Which leads me to the following suggestion: why don't we add a trademark remedy to the list of possible sanctions for criminally-convicted corporations. In addition to fines, we could strip corporations of their trademarks. Or, if we were willing to be a bit more subtle, we could bar them from bringing tarnishment actions. (I'd personally add dilution actions, too, just because judges seem so willing to expand the scope of dilution. If we didn't throw it in, there's a danger that dilution would grow to take in what we now as tarnishment. Let's take away some of their domain-name causes of actions, too, while we're at it.) People who disliked the corporation could make fun of its identity and its brands and use them in variously foul, demeaning, and disrespectful ways. The overall effect would be that the corporate image would be tarred in people's minds; we'd look at it and think of it, quite literally, as a corporate criminal.

If you wanted to be even craftier, you could use this one as a remedy in cases where the wrongful conduct in some way connected to branding and corporate image. False advertising, trademark abuse, and misleading business practices come to mind. Thus, in a Nike v. Kasky situation (yes, yes, that was a civil case, I know), what better way to discipline a corporation for falsely burnishing its image than by opening it up to some tarnishment? There's a fit there between crime and punishment that's expressively right. Personally, I'd rather have the remedy available more broadly, nor do I (yet) think that it really cures the potential First Amendment problems lurking in some of these causes of action, but there is something appealing about saying that bad corporations are bad by taking away the very trademark rights they use to lie about their badness.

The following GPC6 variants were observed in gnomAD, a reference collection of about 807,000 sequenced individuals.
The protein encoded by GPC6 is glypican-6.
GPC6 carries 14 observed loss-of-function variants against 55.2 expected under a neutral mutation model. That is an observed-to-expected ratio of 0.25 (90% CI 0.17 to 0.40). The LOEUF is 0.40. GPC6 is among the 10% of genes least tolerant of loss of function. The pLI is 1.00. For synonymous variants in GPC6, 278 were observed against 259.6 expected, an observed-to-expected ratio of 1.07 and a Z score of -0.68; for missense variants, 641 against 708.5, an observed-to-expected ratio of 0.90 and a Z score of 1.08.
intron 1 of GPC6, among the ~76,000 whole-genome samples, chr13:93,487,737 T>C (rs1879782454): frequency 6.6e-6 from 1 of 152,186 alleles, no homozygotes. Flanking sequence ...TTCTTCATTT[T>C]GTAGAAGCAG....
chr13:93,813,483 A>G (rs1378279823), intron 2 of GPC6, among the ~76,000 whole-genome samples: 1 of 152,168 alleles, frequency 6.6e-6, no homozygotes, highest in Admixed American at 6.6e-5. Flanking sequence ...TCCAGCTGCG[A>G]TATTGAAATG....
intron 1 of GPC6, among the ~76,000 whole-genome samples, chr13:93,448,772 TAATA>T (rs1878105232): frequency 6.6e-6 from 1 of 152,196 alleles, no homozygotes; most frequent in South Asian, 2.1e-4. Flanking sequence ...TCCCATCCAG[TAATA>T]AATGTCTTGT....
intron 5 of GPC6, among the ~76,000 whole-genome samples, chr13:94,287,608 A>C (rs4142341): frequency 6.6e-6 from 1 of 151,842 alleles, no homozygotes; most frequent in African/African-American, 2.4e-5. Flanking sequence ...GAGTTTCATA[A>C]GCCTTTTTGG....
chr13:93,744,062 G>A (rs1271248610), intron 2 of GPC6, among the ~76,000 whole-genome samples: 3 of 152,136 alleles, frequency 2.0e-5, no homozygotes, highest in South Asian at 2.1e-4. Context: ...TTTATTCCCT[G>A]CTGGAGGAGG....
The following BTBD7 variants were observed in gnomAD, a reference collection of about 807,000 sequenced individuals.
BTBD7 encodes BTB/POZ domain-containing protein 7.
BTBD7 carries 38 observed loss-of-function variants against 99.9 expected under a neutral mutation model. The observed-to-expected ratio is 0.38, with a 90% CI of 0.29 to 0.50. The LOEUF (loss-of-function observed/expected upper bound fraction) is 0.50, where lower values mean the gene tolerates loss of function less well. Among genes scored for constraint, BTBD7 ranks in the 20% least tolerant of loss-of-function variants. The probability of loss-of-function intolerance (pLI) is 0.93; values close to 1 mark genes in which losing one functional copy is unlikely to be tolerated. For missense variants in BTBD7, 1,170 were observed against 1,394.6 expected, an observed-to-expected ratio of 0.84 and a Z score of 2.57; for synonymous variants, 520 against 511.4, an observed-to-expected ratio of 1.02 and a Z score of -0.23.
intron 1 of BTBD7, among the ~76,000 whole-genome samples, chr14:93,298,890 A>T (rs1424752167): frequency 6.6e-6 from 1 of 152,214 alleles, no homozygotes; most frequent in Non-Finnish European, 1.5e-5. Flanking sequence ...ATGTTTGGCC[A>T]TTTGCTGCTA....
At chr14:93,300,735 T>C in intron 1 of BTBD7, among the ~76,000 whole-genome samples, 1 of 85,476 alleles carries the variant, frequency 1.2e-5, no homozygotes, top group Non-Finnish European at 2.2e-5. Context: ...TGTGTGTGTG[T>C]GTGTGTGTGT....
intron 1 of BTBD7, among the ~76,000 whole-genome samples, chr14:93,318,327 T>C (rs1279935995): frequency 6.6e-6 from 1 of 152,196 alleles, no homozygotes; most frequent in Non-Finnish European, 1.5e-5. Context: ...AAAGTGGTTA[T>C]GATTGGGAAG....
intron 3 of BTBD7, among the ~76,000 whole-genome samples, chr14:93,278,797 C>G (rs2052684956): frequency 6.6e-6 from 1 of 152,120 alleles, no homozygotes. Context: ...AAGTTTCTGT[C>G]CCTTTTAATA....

Dumb News Day


I don't know what it is, but yesterday was a bad day for intelligence in the news.

Case one: The Plain English Campaign's award of a "Foot in Mouth" award to Donald Rumsfeld for saying

Reports that say that something hasn't happened are always interesting to me, because as we know, there are known knowns; there are things we know we know. We also know there are known unknowns; that is to say we know there are some things we do not know. But there are also unknown unknowns � the ones we don't know we don't know.

The only problem: it's a perfectly comprehensible statement in clear and simple language that makes a quite straightforward point about the limits of knowledge. Even the Guardian, normally not a bastion of Rumsfeld boosters, has come out in his corner on this one.

Case two: Nicholas Kristof's column on the biology of homosexuality, which contains the following howler: